Leases are legal documents. Do not sign a lease if you have not read and fully understand the document. If something feels like it is excessive, overly prohibitive, or just wrong, check with an unbiased third party (such as Contemporary Student Services) to make sure you are not being taken advantage of or putting yourself in a bad situation.

6. REMEMBER A LEASE IS A LEGAL CONTRACT

LEASES ARE LEGAL CONTRACTS! While a lease cannot break the law, you can agree to situations that are legal but well outside of what is considered normal. It is important that prior to signing anything you 1. agree with what you are signing and 2. check with an unbiased third party to ensure what you are signing is normal. A quick search on the internet can yield multiple sample leases to provide an idea of what can be found in a standard lease.

7. BE CAREFUL WITH MONEY

Avoid wiring money, especially overseas. Once you wire funds they are gone. Large apartment companies will often have a formal payment portal or process. With individual landlords, it is important to verify the property and that they in fact manage the property. Additionally, it is a good idea to utilize a traceable form of payment (such as a check). Additionally, do not pay for a residence until you have a signed lease. Finally, do not send money to a third party who is not listed on the lease as a formal payment processor.

Common Questions To Ask A Landlord

  • What are the terms of the lease? How long is the lease?
  • Are there additional fees on top of rent?
  • Are there rules about hanging up pictures, painting the walls, etc? Are pets allowed? If so, is there an additional fee
  • Do I get the security deposit back at the end of the lease? What maintenance am I responsible for?
  • Is there parking available, or is there nearby public transportation? Is there an on-site manager I can contact?
  • How do I contact the landlord and/or property manager? When is the rent due?
  • What happens if the rent is late? Is this a furnished apartment?
  • What is your policy about having guests overnight?
  • What kind of heating is in the unit and where is the thermostat located? Who is in control of the temperature setting?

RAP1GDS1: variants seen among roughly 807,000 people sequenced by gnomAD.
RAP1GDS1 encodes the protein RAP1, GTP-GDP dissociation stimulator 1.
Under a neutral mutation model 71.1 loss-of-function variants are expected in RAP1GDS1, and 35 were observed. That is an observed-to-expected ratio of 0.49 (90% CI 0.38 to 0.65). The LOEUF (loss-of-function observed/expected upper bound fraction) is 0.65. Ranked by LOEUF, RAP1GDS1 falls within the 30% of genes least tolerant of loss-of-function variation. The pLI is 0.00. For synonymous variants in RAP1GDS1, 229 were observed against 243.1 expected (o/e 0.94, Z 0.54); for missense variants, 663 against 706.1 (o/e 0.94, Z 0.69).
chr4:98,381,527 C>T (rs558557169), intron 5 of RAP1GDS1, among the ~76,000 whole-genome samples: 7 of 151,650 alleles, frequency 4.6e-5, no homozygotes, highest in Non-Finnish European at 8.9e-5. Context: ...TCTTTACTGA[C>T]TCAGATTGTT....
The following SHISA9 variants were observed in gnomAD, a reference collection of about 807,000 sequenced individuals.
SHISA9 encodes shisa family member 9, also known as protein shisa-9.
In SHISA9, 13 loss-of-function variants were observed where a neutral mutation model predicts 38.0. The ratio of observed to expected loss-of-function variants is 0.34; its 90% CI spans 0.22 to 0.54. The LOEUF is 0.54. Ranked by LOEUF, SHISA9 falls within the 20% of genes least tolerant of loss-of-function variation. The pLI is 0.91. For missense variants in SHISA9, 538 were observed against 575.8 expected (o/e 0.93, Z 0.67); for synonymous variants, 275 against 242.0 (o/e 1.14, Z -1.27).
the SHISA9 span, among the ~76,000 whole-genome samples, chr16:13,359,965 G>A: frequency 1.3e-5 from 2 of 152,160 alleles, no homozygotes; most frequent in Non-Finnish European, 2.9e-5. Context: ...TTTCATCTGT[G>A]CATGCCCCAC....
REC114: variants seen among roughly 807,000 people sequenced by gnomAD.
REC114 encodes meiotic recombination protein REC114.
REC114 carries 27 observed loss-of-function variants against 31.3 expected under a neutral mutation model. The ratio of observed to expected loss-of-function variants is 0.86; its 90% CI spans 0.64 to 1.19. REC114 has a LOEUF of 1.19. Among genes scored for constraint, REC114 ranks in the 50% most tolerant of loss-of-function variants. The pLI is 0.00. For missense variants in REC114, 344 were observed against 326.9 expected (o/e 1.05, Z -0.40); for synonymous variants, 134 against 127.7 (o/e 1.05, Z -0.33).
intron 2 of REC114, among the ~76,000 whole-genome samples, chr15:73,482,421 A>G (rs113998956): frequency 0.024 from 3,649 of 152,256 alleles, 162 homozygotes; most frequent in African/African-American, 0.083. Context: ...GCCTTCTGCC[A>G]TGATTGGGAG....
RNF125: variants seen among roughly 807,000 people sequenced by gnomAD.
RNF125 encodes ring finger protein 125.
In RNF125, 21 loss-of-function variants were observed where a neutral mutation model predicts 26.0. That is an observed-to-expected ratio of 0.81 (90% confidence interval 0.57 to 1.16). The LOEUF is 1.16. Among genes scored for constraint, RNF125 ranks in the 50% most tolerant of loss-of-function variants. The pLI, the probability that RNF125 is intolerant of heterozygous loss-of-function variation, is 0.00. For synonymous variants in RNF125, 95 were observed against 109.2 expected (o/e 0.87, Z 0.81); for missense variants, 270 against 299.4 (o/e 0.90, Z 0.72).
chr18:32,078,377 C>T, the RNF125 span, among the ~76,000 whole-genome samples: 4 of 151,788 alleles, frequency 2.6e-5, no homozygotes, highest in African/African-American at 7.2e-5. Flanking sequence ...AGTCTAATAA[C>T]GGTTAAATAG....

• When is the heat turned on?
  • Do other tenants have access to the thermostat? What is the cleaning expectation when I move out?
  • Does the apartment/home need to be cleaned before I leave?

Common Off-Campus Housing Terminology

  • Lease: a contract by which one party conveys land, property, services, etc. to another for a specified time,
    usually in return for a periodic payment.
  • Sub-Lease: a lease of a property by a tenant to a subtenant.
  • Property Manager: a person or firm (company) charged with operating a real estate property for a fee, when the owner is unable to personally attend to such details or is not interested in doing so.
  • Landlord: a person who rents land, a building, or an apartment to a tenant. Tenant: a person who occupies land or property rented from a landlord.
  • Apartment: a large building containing residential suites; an apartment building.
  • Studio Apartment: a small apartment that combines, many times but not always, the living room, bedroom, and kitchen into a single room.
  • House: a building for human habitation, especially one that is lived in by a family or small group of people.
  • Townhouse: a tall, narrow, traditional row house, generally having three or more floors.
  • Security Deposit: an amount of money that a renter pays when beginning to rent property (such as an apartment) and that can be used to pay for any damage that the renter causes to the property
  • Rent (noun): a tenant's regular payment to a landlord for the use of property or land. Rent (verb): to pay someone for the use of property, land, or an item.
  • Utilities: an organization supplying the community with electricity, gas, water, or sewage. Furnished Apartment: an apartment available to be rented with furniture.
  • Roommate: a person occupying the same apartment or house as another. Ordinance: a piece of legislation enacted by a municipal authority.
  • Public Transportation: buses, trains, subways, and other forms of transportation that charge set fares, run on fixed routes, and are available to the public.